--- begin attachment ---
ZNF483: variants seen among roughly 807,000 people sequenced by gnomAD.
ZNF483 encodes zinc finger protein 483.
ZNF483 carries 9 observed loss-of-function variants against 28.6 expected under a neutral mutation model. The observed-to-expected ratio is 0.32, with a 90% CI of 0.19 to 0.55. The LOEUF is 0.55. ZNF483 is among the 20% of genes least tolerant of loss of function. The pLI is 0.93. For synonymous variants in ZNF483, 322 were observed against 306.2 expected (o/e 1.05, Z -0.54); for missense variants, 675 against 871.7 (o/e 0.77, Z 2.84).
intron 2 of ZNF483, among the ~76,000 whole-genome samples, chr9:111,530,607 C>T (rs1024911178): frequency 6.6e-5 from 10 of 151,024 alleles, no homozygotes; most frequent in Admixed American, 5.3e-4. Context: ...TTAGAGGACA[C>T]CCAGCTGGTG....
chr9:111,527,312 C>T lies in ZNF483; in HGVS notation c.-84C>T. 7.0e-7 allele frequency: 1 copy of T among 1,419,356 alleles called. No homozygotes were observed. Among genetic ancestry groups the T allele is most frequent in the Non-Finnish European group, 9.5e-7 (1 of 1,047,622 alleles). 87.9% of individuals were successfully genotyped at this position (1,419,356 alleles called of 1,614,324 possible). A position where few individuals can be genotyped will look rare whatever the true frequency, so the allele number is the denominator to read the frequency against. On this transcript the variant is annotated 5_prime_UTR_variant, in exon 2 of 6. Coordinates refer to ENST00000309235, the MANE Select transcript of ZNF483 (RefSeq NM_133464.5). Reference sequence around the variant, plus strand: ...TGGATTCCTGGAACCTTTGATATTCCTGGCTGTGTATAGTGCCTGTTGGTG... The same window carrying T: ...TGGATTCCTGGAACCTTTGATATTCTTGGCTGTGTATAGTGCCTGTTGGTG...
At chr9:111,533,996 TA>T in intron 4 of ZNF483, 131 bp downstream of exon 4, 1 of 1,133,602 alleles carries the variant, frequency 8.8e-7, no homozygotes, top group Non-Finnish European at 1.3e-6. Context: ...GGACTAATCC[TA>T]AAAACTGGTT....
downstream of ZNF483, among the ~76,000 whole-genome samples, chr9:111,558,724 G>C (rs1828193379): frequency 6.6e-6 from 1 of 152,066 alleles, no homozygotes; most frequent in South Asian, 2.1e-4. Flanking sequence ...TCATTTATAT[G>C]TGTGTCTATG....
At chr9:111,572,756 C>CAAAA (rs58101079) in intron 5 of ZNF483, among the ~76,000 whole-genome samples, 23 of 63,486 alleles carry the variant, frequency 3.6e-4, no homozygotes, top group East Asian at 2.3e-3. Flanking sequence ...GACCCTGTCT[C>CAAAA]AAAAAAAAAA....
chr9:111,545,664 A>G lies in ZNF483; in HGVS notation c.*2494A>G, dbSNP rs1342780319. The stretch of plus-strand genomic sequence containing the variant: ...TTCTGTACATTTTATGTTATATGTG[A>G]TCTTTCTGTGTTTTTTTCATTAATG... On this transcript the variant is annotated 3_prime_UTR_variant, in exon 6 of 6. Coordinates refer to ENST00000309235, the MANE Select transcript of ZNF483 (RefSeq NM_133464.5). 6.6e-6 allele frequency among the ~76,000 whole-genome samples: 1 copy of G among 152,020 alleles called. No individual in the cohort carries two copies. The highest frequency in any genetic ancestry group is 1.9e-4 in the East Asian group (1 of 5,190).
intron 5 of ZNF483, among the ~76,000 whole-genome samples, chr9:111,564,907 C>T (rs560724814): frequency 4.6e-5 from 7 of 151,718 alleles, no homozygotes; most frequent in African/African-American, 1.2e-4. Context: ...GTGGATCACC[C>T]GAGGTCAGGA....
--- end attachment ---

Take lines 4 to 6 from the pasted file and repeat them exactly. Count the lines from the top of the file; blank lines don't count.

intron 2 of ZNF483, among the ~76,000 whole-genome samples, chr9:111,530,607 C>T (rs1024911178): frequency 6.6e-5 from 10 of 151,024 alleles, no homozygotes; most frequent in Admixed American, 5.3e-4. Context: ...TTAGAGGACA[C>T]CCAGCTGGTG....
chr9:111,527,312 C>T lies in ZNF483; in HGVS notation c.-84C>T. 7.0e-7 allele frequency: 1 copy of T among 1,419,356 alleles called. No homozygotes were observed. Among genetic ancestry groups the T allele is most frequent in the Non-Finnish European group, 9.5e-7 (1 of 1,047,622 alleles). 87.9% of individuals were successfully genotyped at this position (1,419,356 alleles called of 1,614,324 possible). A position where few individuals can be genotyped will look rare whatever the true frequency, so the allele number is the denominator to read the frequency against. On this transcript the variant is annotated 5_prime_UTR_variant, in exon 2 of 6. Coordinates refer to ENST00000309235, the MANE Select transcript of ZNF483 (RefSeq NM_133464.5). Reference sequence around the variant, plus strand: ...TGGATTCCTGGAACCTTTGATATTCCTGGCTGTGTATAGTGCCTGTTGGTG... The same window carrying T: ...TGGATTCCTGGAACCTTTGATATTCTTGGCTGTGTATAGTGCCTGTTGGTG...
At chr9:111,533,996 TA>T in intron 4 of ZNF483, 131 bp downstream of exon 4, 1 of 1,133,602 alleles carries the variant, frequency 8.8e-7, no homozygotes, top group Non-Finnish European at 1.3e-6. Context: ...GGACTAATCC[TA>T]AAAACTGGTT....